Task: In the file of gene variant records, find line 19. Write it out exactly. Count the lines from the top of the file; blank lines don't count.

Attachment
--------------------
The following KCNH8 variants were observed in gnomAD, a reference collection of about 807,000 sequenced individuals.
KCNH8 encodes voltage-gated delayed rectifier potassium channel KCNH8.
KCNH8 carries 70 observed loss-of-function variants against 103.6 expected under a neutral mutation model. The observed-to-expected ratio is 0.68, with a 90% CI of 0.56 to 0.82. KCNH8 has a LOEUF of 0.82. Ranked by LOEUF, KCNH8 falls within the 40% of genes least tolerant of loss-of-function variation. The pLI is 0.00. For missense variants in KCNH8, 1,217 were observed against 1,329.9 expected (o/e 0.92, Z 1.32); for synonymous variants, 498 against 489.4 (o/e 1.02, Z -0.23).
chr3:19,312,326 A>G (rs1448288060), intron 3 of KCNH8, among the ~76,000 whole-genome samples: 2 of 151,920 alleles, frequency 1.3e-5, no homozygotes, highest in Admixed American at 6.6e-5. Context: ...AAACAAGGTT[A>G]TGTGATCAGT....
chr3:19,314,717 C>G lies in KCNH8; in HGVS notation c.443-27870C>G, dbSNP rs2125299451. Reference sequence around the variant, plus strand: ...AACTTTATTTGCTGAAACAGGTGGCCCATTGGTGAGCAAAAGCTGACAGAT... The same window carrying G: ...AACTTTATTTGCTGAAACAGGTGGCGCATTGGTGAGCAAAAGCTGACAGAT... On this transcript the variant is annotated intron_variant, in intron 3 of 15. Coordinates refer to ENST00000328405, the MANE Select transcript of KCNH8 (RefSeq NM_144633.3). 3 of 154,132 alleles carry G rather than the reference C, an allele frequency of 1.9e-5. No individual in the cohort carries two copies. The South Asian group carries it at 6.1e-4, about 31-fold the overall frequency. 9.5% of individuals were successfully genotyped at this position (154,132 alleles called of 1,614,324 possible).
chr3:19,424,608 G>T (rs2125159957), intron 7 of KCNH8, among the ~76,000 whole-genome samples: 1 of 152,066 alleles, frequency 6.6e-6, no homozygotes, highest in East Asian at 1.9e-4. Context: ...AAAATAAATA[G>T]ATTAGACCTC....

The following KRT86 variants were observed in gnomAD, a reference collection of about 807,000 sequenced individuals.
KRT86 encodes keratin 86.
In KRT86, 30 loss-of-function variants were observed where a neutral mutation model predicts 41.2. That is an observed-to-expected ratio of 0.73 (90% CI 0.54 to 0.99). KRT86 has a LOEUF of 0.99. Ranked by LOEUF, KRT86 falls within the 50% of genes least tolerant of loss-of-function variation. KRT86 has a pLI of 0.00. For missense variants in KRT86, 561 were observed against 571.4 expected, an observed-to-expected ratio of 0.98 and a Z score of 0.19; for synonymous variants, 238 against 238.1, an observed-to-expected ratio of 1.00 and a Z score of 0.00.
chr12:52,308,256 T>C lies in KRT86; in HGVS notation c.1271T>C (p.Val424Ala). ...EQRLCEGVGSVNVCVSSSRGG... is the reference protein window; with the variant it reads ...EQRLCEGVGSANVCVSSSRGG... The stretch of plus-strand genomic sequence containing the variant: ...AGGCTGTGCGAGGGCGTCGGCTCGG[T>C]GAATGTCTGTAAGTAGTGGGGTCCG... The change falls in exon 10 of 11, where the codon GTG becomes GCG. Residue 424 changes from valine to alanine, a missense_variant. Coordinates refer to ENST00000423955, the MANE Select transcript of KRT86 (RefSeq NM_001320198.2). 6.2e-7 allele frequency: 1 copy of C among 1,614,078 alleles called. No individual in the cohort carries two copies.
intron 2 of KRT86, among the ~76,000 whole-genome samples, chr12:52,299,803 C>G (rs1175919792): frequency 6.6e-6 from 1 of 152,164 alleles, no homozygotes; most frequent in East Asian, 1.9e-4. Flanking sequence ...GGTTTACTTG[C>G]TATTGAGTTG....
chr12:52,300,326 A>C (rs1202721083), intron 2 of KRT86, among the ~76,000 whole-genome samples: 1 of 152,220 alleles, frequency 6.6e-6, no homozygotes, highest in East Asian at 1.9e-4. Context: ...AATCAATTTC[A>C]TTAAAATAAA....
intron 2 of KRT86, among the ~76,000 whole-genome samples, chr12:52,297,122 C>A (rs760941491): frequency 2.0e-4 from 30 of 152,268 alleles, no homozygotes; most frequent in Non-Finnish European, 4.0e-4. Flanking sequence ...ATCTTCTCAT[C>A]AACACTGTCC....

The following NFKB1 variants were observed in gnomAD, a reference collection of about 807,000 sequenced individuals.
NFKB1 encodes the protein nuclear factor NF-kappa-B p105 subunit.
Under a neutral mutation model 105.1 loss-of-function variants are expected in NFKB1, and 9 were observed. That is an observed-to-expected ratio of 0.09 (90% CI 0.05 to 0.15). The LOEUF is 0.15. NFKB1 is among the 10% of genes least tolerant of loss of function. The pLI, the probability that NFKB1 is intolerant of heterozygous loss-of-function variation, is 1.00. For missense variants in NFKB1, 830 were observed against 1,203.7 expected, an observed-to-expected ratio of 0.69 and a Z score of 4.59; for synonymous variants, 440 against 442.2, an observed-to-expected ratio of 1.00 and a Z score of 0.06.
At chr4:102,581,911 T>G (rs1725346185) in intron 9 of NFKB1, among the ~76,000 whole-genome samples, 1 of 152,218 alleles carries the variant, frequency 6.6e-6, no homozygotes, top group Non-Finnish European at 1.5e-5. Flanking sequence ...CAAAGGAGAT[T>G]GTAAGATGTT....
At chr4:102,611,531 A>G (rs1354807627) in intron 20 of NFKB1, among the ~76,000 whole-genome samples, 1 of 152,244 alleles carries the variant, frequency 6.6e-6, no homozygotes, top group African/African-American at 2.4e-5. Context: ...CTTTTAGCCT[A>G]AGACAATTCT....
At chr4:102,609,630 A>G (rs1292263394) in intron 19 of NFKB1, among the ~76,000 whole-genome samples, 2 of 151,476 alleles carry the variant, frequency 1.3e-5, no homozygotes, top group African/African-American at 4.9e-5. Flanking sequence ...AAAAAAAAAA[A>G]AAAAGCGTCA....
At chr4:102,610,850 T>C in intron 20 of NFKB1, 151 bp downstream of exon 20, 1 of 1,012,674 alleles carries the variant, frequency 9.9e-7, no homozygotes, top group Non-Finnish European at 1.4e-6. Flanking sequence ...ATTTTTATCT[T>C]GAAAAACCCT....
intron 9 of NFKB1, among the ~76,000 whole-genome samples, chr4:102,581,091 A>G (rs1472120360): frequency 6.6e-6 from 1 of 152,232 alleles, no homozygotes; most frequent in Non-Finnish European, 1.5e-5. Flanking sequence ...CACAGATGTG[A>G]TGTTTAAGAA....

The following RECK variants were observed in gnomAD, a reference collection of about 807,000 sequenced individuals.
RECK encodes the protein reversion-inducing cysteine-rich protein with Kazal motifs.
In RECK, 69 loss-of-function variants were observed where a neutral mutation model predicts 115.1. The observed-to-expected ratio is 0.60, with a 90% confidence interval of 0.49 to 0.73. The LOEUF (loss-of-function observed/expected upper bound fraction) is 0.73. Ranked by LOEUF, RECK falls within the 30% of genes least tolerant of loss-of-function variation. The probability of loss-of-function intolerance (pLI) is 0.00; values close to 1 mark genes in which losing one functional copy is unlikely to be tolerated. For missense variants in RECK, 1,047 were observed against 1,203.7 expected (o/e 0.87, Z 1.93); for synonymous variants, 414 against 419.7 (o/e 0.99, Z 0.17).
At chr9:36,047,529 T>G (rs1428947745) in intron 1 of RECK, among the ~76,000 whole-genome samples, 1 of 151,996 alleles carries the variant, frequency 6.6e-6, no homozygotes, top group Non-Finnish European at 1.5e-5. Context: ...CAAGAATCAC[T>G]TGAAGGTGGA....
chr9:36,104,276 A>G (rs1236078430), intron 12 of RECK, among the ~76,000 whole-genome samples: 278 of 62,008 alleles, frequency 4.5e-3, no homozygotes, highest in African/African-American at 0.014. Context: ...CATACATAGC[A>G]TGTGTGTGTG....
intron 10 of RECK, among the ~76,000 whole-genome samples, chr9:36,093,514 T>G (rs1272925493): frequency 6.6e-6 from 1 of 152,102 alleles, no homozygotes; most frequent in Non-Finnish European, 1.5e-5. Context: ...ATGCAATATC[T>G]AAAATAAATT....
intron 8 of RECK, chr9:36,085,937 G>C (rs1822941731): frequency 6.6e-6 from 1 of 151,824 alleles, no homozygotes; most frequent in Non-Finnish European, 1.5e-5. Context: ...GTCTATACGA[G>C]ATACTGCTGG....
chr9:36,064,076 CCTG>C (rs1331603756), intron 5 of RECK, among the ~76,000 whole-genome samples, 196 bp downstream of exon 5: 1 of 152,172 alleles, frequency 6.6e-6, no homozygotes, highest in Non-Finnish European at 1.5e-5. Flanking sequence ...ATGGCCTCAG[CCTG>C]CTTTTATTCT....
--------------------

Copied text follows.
At chr4:102,609,630 A>G (rs1292263394) in intron 19 of NFKB1, among the ~76,000 whole-genome samples, 2 of 151,476 alleles carry the variant, frequency 1.3e-5, no homozygotes, top group African/African-American at 4.9e-5. Flanking sequence ...AAAAAAAAAA[A>G]AAAAGCGTCA....